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The index page for all Programs on the site?

The DFF Play CD?

Zipped file DFF Play contains  executable version of about  75 of the 200+ programs from the site, mostly those I particularly liked or thought would be of widest interest for non-programmers.  The file is rather large, about 20mb..

Anything else?





Search WWW



Not a programmer (yet)?

 That's OK -  the executable version for any puzzle or  game you find here is available for download.  Just scroll down to the bottom of most any description page and you'll find a "Download executable" link. Downloaded programs are in "zipped" format to reduce size and may require an "unzipper" program unless you are running Win XP or later.  Here's a link to a free one. 

Check  out  the Most Popular  Downloads from DFF   (updated weekly)

First time visitor?

Take a look at the Introduction page to see what this site is about

Notes for Teachers


What's New

December 13, 2017: 

The Cast A Word puzzle has been solved!  Just not by me.  Recall that we are given 16 four letter words which can be formed by throwing four dice with letters on their faces and reading the tops.  The problem is to assign  letters to the dice in such a way that this can be done.  Cast  A Word. Version 2 written by Sergio, a smart, older, Italian, "just for fun" programmer bailed me out.  Click the link to find out more and download the program.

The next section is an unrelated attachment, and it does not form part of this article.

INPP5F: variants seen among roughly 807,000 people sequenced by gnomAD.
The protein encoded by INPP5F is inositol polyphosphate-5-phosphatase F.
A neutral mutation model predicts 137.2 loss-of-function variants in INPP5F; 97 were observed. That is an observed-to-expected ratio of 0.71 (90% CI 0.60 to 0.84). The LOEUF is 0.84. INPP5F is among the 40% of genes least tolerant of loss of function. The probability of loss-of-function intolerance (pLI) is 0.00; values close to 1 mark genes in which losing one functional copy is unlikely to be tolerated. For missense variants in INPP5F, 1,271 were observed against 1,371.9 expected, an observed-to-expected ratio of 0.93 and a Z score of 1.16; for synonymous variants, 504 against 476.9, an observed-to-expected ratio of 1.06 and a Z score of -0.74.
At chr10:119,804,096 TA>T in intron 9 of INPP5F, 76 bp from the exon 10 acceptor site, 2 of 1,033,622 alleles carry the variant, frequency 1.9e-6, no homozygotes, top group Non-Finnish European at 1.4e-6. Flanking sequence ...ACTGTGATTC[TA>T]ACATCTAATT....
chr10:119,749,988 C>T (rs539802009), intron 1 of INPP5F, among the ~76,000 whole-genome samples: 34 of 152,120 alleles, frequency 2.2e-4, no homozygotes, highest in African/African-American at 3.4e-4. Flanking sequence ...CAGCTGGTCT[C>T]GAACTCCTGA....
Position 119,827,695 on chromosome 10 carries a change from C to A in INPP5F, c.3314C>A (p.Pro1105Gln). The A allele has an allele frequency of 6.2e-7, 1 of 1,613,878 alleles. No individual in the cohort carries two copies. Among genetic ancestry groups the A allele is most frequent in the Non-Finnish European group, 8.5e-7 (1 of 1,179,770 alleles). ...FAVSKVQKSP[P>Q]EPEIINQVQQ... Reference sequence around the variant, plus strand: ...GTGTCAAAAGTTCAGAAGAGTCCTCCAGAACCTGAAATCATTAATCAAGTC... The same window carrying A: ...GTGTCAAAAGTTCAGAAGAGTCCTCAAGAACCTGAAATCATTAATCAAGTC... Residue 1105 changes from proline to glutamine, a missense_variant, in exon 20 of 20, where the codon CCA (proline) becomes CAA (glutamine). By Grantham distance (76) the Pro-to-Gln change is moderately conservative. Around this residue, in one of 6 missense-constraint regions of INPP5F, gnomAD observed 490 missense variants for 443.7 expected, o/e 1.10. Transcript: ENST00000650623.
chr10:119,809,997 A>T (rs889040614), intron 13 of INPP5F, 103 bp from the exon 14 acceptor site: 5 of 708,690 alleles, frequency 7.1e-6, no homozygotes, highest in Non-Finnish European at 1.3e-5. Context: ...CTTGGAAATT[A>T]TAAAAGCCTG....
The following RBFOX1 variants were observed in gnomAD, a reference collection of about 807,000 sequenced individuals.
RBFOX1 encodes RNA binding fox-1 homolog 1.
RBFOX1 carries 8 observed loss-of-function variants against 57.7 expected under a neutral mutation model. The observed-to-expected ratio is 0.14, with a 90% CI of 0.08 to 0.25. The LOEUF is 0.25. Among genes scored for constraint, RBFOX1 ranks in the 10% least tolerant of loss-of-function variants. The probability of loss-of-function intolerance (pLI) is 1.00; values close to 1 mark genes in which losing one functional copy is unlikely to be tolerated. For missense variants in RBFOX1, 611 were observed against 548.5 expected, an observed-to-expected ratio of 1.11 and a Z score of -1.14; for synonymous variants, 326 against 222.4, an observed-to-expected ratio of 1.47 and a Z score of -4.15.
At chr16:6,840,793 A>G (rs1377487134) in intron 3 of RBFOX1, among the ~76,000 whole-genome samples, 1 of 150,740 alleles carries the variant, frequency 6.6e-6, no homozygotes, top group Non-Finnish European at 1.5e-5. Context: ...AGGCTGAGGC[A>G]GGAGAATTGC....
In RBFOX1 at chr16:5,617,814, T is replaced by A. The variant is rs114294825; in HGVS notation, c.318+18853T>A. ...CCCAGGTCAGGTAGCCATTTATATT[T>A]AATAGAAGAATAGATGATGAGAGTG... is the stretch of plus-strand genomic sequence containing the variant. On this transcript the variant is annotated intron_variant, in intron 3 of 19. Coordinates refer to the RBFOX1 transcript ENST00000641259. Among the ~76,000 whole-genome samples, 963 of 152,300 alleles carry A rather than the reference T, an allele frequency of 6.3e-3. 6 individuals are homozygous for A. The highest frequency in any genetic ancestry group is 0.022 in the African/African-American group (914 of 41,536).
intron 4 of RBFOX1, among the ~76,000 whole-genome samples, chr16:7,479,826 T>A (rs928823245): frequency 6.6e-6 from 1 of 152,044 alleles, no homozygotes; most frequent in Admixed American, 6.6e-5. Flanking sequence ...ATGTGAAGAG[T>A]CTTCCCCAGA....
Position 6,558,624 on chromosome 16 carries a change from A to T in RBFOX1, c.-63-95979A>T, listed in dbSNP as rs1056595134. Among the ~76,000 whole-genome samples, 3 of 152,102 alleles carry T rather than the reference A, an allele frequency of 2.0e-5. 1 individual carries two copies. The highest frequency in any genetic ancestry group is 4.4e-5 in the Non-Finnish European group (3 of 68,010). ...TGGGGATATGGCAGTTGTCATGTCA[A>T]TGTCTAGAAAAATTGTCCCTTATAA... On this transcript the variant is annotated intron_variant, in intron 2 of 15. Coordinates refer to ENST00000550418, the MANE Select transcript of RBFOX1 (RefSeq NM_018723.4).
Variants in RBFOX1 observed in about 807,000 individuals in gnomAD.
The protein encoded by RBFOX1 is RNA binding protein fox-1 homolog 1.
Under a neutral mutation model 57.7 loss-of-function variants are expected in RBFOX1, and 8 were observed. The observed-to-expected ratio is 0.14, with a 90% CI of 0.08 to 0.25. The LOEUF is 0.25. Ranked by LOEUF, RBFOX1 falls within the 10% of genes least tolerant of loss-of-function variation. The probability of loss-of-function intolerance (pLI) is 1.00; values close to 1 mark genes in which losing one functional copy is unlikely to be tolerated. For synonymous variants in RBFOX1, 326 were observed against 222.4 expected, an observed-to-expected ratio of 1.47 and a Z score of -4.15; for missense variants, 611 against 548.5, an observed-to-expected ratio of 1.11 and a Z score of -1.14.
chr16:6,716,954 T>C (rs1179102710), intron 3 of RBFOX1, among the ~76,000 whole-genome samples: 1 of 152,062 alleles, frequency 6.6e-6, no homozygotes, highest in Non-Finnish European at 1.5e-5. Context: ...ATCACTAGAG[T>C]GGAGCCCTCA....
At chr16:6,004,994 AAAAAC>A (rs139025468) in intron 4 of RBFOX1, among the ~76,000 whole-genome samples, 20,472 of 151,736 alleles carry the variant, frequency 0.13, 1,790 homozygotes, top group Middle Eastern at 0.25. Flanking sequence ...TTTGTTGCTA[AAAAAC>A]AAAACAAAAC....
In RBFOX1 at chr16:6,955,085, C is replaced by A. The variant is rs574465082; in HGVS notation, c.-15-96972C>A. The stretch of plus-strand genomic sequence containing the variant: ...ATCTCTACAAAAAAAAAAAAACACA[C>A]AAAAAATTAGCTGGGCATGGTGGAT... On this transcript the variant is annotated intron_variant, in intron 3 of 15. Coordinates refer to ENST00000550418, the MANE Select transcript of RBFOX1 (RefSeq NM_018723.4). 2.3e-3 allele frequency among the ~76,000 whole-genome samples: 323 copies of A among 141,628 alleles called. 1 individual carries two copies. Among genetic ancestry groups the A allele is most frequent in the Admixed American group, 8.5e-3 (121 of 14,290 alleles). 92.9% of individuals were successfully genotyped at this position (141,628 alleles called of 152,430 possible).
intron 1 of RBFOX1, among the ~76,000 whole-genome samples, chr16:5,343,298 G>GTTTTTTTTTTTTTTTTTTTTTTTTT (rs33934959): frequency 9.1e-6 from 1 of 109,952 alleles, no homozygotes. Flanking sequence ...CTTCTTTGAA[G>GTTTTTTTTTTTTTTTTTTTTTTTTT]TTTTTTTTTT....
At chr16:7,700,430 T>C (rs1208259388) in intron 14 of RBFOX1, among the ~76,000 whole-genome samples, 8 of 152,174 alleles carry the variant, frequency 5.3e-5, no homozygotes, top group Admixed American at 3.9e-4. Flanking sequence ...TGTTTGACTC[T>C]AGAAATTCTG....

November 29, 2017:   Log Sawing Version 4 was posted today.  This program suggests effective ways to saw logs into lumber with a horizontal bandsaw.  It is a major rewrite from the original, hopefully for the better.   The original program was written in 2010 when owning a sawmill was only a "big boy's" dream.  Now that the dream has come true, it's time to make the program more than a math & programming exercise.  The biggest change from version 1  is the more realistic reporting of cutting positions as inches above the bed since the saw head moves down rather the the log moving up as boards are cut..   Click the link above to see more change details and to download the program.